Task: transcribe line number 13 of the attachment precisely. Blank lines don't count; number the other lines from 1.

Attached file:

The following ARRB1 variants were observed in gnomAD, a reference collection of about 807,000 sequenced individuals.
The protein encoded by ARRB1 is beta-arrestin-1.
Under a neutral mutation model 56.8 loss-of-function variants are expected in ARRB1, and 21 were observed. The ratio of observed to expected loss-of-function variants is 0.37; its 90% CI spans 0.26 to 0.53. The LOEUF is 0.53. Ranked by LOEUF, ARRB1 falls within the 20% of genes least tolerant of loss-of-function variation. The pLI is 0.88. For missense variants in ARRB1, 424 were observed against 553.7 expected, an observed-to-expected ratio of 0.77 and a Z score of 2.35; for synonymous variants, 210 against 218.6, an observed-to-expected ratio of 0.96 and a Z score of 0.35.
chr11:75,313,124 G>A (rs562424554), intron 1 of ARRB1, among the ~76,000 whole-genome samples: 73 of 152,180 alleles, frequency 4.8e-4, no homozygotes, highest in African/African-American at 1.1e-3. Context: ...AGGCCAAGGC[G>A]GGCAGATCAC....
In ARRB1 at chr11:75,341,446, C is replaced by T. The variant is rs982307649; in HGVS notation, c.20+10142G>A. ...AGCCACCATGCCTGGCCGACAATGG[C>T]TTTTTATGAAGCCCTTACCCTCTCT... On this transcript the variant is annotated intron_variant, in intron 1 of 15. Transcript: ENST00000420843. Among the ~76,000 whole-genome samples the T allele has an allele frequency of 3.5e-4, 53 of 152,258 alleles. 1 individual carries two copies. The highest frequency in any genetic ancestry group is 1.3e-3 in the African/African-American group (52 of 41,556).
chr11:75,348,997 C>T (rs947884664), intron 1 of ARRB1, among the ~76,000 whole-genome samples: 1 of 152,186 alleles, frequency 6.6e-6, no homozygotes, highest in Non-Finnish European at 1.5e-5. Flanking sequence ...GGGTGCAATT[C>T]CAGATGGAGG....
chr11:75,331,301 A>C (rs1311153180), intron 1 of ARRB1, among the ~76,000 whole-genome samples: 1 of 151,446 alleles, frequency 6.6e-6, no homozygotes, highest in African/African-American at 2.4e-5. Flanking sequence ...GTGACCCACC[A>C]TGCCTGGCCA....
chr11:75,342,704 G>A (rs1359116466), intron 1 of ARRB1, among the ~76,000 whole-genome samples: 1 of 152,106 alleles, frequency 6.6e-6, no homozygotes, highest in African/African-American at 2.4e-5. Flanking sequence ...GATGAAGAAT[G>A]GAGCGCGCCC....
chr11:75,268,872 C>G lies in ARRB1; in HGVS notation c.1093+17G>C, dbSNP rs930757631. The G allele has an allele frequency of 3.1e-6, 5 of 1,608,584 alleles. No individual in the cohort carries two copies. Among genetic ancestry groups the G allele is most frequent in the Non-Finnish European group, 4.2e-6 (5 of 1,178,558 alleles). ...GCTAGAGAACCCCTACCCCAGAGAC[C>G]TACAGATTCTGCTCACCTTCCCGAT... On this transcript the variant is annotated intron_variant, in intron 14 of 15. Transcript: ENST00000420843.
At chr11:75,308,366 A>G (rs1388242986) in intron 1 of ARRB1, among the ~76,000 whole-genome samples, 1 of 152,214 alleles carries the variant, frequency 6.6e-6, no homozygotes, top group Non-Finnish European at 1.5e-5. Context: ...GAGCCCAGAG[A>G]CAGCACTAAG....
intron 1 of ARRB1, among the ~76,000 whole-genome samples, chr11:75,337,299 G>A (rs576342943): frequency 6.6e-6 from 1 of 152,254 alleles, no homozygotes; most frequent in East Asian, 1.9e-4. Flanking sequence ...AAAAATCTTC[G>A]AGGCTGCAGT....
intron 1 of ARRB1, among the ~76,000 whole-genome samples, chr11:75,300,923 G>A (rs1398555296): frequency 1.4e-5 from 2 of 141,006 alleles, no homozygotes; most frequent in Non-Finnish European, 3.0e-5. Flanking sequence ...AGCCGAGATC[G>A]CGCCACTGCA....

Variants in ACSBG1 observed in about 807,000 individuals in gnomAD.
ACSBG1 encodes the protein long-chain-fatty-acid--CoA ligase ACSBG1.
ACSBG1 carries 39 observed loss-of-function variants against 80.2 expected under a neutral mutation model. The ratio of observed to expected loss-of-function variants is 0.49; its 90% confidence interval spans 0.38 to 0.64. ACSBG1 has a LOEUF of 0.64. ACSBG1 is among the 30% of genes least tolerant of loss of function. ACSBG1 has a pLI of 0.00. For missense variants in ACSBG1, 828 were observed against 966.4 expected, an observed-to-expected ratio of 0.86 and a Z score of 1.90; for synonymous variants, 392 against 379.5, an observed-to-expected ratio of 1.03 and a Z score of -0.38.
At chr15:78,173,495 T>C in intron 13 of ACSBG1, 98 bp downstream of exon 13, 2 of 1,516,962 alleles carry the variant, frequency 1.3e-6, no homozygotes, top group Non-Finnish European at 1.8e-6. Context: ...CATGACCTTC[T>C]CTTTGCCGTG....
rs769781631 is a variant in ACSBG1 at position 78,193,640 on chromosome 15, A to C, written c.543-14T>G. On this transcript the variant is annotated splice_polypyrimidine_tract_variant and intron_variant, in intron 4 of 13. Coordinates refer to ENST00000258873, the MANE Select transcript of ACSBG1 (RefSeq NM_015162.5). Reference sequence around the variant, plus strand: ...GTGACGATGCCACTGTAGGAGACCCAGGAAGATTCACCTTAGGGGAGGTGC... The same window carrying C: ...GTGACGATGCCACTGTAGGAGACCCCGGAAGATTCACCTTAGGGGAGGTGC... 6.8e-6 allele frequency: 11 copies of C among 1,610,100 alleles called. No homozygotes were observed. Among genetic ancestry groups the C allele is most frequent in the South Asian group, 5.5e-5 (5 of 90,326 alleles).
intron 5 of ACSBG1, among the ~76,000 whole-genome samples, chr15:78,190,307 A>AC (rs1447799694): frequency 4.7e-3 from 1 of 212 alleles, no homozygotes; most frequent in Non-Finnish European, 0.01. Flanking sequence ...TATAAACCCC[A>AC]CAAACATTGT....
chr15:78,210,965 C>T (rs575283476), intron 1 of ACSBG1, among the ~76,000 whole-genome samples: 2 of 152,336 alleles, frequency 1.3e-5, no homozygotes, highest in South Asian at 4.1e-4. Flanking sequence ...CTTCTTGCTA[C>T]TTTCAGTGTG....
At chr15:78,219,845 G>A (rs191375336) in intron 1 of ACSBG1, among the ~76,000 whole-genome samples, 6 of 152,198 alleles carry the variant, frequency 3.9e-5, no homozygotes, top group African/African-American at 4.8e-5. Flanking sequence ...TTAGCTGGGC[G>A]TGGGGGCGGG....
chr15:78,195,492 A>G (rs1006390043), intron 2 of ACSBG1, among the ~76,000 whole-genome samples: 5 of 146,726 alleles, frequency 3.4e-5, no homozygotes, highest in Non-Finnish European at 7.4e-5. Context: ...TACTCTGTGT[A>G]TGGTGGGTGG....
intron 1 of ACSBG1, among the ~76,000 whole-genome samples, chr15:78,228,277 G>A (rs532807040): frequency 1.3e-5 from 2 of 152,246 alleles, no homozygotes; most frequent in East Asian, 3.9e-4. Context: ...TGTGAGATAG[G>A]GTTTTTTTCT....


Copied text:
Variants in ACSBG1 observed in about 807,000 individuals in gnomAD.